William Isaac was at home in Sarasota, Fla., last weekend looking forward to attending a Tampa Bay Buccaneers football game when calls for help began to come in from congressmen opposed to the Bush Administration's proposed financial industry bailout.
Convinced that supporters of the measure were on the wrong track, the 64-year-old northwest Ohio native and former Federal Deposit Insurance Corp. chairman hopped onto a plane for Washington.
It was the be-
ginning of a 24-hour effort in which Mr. Isaac, who helped resolve the nation's last banking crisis, in the 1980s, played a lead role in helping bring about the measure's defeat in the House on Monday.
The chairman of family-owned Isaac Property Co. in Bryan is headed back to Washington today and hopes to persuade
Congress and the administration that there are better alternatives to a revised proposal that would leave taxpayers on the hook for $700 billion.
"They're running a big risk," he said. "If they pass it and it doesn't work, we're in worse shape and we'll have less money to deal with the problem," the Bryan High School graduate told The Blade. "This is a horrible bill."
The U.S. Senate passed the measure last night, and members of the House of Representatives have been advised to be ready to vote tomorrow..
In recent days, Mr. Isaac has discussed his ideas with officials of the Bush Administration. But he declined to provide details.
Congressmen Bob Latta of Bowling Green and Democrat Marcy Kaptur of Toledo each have praised Mr. Isaac's contributions to the debate. Both voted against the bill Monday.
Miss Kaptur was among House members who asked Mr. Isaac, now a banking consultant at Secura Group in Washington, to come to the Capitol.
She knew the former Bryan resident from her work in the administration of Democrat Jimmy Carter in the 1980s. Mr. Carter named Mr. Isaac to the FDIC in 1978, and Republican Ronald Reagan appointed him chairman in 1981. Mr. Isaac served until 1985. The period included a crisis in the nation's savings and loan industry.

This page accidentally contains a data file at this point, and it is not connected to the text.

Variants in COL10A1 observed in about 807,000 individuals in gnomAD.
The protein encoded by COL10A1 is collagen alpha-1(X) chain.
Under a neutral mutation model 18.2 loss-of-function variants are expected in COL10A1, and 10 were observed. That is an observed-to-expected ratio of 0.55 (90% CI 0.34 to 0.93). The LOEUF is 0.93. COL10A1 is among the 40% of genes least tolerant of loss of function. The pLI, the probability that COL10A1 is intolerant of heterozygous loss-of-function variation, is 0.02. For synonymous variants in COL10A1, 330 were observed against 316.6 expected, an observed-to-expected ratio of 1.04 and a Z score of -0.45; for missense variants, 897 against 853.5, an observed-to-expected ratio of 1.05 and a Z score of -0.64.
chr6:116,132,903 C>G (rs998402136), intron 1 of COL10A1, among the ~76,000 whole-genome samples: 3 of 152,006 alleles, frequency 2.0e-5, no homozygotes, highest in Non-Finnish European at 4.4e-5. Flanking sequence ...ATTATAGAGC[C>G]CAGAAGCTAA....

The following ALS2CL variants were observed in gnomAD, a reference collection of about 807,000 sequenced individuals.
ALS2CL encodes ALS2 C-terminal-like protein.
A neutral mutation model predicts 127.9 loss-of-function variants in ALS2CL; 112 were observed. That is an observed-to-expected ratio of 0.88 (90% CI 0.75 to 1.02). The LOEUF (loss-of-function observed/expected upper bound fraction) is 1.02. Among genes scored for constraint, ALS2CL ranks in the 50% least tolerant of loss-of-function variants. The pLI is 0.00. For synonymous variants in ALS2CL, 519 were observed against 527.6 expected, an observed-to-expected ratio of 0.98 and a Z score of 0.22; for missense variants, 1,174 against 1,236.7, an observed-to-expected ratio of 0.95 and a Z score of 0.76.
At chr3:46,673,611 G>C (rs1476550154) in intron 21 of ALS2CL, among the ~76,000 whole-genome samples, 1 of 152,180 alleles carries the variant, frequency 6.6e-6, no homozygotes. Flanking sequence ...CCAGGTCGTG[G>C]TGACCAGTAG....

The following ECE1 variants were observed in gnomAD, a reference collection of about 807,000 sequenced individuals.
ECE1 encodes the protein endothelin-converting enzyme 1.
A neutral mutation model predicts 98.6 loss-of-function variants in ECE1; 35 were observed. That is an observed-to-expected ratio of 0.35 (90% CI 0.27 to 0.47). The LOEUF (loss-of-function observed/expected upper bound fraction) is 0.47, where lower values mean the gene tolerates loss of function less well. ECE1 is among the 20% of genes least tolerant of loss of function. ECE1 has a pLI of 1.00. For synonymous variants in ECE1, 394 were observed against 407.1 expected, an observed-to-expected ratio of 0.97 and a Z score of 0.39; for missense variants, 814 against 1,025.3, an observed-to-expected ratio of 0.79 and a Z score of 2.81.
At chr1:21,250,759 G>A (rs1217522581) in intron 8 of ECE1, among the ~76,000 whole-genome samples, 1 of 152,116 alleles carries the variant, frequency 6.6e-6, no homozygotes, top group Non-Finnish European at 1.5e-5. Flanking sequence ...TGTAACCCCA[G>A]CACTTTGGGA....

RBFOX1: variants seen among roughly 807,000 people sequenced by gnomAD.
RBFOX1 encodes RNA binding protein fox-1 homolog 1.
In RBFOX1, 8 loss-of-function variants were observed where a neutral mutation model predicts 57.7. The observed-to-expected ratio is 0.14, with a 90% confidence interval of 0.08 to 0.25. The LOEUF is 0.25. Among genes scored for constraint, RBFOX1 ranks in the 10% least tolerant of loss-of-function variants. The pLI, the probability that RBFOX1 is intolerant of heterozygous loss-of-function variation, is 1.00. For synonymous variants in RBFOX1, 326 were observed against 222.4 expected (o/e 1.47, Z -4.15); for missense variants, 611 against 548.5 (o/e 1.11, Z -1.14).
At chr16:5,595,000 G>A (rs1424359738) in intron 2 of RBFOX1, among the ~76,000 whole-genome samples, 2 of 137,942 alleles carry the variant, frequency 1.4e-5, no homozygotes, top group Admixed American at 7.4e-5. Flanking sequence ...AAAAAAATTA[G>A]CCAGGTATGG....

"He brought a real dose of reality," Miss Kaptur said. "He has worked in the banking sector his entire life. I liked his common sense and his horse sense."
Added Frederick Hill, spokesman for California Republican Congressman Darrell Issa: "Having an expert, skeptical voice finally brought to Capitol Hill did sway some votes."
Treasury Secretary Henry Paulson is seeking up to $700 billion to improve U.S. financial institutions' balance sheets by buying troubled home mortgages.
Mr. Isaac argues that the freeze in lending among banks could be cured for less money. Rather than buy mortgages, the U.S. Treasury could guarantee that no bank creditor or depositor would lose money in the current crisis.
He also has called for accounting modifications and continued restrictions on trading in bank stocks.
But supporters of measures proposed by the Treasury secretary argue that the crisis can be solved only by taking the bad mortgages off banks' books.
Mr. Isaac estimated that from Sunday afternoon, when he arrived in Washington, through Monday morning he spoke with 200 House members, both Republicans and Democrats.
Zac Isaac isn't surprised by his cousin's involvement in the debate.
William Isaac provided "strong, stable" leadership at the FDIC during another difficult period for the nation's economy, Zac Isaac said.
Zac Isaac, son of Bryan developer George Isaac, is executive vice president of Isaac Property Co.
The former FDIC chairman's brother, Charles "Butch" Isaac, is president. The company owns a large tract in Monclova Township around the Shops at Fallen Timbers as well as shopping centers in Bryan, Defiance, Findlay, and Bowling Green.
When he was asked to come to Washington over the weekend, William Isaac initially resisted. "While I was opposed to what was going on, I felt there was nothing I could do," he said.
He said he had concluded that the leadership of both parties would "railroad through" the bill.
But he was pleased with the 228-205 defeat of the measure Monday. "It was almost as good as watching a football game watching that vote seesaw back and forth. I am one happy guy for our country."
Supporters of the measure hope for a different outcome when the bill comes up for a re-vote.
Contact Gary Pakulski at:
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